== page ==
Medical imaging with light, sound and sugar (!) at the Royal Summer Science Exhibition
By Thomas A Roberts, on 9 July 2014
Have you ever broken a bone and been for an MRI scan? Perhaps your dentist has interrogated your fillings with an x-ray of your jaw. Or maybe you’ve seen a baby curled in its mother’s womb on an ultrasound machine. Medical imaging has revolutionised our lives to the point where we can see inside our bodies with incredible clarity. But now a new wave of imaging techniques is coming.
Now, we can use light to illuminate deep inside our bodies to see individual, microscopic cells dividing. We can use sound to generate exquisitely detailed images of blood vessels. And, we can even use sugar to make tumours within our bodies glow.
At this year’s Royal Society Summer Science Exhibition, held last week, my colleagues and I from the UCL Centre for Advanced Biomedical Imaging (CABI) exhibited the next generation of techniques that we are developing in our lab which push the boundaries of what we can see inside the human body. Having conquered the Cheltenham Science Festival, the CABI team showcased a completely new exhibition.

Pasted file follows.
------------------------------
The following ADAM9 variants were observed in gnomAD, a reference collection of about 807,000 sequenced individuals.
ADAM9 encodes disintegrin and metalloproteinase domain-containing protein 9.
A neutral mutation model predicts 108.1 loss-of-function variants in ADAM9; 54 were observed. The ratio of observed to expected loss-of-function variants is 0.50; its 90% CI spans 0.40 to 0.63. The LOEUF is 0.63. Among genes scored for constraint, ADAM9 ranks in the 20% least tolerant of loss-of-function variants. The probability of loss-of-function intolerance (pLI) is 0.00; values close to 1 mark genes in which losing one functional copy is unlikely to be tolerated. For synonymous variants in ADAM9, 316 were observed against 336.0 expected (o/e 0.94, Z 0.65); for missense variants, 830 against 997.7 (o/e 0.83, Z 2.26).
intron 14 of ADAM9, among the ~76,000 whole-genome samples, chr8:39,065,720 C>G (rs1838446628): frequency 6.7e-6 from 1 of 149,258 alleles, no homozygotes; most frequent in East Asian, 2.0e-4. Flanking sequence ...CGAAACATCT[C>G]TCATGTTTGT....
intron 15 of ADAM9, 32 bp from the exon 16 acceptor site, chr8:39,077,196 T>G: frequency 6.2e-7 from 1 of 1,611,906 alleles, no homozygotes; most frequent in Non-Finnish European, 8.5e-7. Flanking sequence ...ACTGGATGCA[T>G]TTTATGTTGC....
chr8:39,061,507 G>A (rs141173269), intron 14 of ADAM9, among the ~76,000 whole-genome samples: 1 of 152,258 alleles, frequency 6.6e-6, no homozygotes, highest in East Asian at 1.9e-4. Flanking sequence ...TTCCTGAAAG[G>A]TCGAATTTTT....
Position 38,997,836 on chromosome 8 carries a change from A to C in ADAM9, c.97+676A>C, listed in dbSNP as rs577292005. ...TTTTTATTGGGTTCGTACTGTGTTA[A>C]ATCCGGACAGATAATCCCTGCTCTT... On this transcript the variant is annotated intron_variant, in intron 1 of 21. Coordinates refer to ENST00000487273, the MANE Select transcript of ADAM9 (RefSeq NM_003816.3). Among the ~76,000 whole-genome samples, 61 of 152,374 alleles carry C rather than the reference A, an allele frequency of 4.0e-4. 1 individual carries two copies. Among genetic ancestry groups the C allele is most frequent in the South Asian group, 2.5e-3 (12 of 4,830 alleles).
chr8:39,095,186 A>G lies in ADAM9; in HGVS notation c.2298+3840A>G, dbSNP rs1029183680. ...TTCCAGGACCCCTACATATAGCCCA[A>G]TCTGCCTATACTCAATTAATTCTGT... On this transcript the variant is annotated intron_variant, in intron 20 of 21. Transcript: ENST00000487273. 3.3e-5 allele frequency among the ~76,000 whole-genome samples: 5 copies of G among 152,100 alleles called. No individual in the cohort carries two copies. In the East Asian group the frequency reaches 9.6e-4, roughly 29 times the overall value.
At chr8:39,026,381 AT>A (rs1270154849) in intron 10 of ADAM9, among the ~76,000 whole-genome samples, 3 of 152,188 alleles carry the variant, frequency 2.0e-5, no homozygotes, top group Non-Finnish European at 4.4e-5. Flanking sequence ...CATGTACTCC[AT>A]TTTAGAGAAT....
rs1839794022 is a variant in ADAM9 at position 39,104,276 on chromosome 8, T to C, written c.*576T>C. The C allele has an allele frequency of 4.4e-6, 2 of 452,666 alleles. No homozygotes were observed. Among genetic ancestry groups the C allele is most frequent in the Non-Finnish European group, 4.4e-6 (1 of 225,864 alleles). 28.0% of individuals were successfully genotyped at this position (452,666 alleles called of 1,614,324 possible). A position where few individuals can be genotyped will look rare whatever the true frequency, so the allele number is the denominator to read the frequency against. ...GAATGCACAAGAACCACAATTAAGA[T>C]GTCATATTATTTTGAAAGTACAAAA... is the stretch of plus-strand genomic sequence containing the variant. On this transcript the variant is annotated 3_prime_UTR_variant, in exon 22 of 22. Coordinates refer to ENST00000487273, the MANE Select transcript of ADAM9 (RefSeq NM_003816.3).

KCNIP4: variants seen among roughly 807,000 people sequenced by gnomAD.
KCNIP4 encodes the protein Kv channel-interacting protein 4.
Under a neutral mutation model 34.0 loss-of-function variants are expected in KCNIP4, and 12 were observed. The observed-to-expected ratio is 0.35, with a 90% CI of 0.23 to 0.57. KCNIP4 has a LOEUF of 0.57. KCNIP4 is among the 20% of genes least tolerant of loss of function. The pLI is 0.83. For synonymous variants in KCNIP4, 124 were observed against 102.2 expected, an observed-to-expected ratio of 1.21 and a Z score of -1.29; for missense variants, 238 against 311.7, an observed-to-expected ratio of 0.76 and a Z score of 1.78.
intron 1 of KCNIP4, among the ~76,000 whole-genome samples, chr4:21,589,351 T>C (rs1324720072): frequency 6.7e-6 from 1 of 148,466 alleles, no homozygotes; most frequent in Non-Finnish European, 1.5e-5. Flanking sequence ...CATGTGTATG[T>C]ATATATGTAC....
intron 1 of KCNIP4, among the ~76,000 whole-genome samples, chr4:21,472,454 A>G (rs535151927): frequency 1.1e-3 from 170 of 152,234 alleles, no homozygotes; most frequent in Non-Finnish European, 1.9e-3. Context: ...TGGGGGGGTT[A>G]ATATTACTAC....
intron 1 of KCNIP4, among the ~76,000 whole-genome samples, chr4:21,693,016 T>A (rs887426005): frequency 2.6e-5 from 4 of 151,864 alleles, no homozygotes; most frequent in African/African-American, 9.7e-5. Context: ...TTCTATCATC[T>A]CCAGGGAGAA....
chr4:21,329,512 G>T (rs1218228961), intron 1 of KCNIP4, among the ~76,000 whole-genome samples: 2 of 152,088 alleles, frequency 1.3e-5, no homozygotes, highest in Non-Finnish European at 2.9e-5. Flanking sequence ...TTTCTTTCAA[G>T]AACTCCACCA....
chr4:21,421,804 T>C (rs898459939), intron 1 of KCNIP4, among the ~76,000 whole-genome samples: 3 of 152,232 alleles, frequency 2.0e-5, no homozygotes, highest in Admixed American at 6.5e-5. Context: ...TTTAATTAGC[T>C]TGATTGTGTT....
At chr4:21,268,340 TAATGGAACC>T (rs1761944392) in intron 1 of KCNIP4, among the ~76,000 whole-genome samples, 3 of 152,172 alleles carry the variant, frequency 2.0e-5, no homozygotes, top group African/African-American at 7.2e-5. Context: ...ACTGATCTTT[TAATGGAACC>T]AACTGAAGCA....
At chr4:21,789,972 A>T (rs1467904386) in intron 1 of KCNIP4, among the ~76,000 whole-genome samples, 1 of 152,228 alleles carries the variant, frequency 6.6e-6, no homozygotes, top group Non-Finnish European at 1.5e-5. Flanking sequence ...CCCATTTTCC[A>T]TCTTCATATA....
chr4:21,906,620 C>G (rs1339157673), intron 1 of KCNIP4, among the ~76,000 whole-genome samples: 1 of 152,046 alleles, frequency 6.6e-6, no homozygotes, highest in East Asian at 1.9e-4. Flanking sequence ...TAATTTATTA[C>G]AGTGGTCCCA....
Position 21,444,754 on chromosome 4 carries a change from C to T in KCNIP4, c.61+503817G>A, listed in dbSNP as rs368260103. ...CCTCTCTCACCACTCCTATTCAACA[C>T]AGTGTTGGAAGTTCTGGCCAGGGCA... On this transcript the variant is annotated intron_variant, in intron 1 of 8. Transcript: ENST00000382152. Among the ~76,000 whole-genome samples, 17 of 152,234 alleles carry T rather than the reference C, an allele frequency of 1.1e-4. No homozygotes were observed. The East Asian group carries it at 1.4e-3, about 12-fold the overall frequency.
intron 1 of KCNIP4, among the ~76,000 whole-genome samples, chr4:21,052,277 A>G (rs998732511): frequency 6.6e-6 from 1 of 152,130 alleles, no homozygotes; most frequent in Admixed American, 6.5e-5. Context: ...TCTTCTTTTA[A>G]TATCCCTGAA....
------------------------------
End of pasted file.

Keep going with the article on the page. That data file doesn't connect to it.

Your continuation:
The stand, called ‘Limits of Perception’, was separated into three distinct themes. In the Light section, we had tanks filled with jellyfish and marine creatures (!) to demonstrate how copying ideas from nature such as the transparency and florescence of these animals can be used to image complex biological processes on a cellular scale.
The Sound section was home to a clinical ultrasound scanner, giving members of the public a rare opportunity to go hands-on with state-of-the-art medical imaging equipment, plus there was also a demonstration of ultrasound’s big brother: photoacoustic imaging.
There was also something sweet in store for visitors on the Sugar display, which will focused on glucoCEST: a cutting-edge MRI technique for looking at cancer in the body using nothing but sugar (yes, really) to make the tumours visible.
The team geared up for the Royal Society Summer Science Exhibition for six months and were so excited to show visitors all of the above and much more (…including bats and sugarcane). Thanks to everyone who joined us to explore the limits of perception and to find out what your doctor might be imaging you with in the future.
Watch a video about the CABI exhibit:
View images from the exhibition (Credit: Tom Roberts):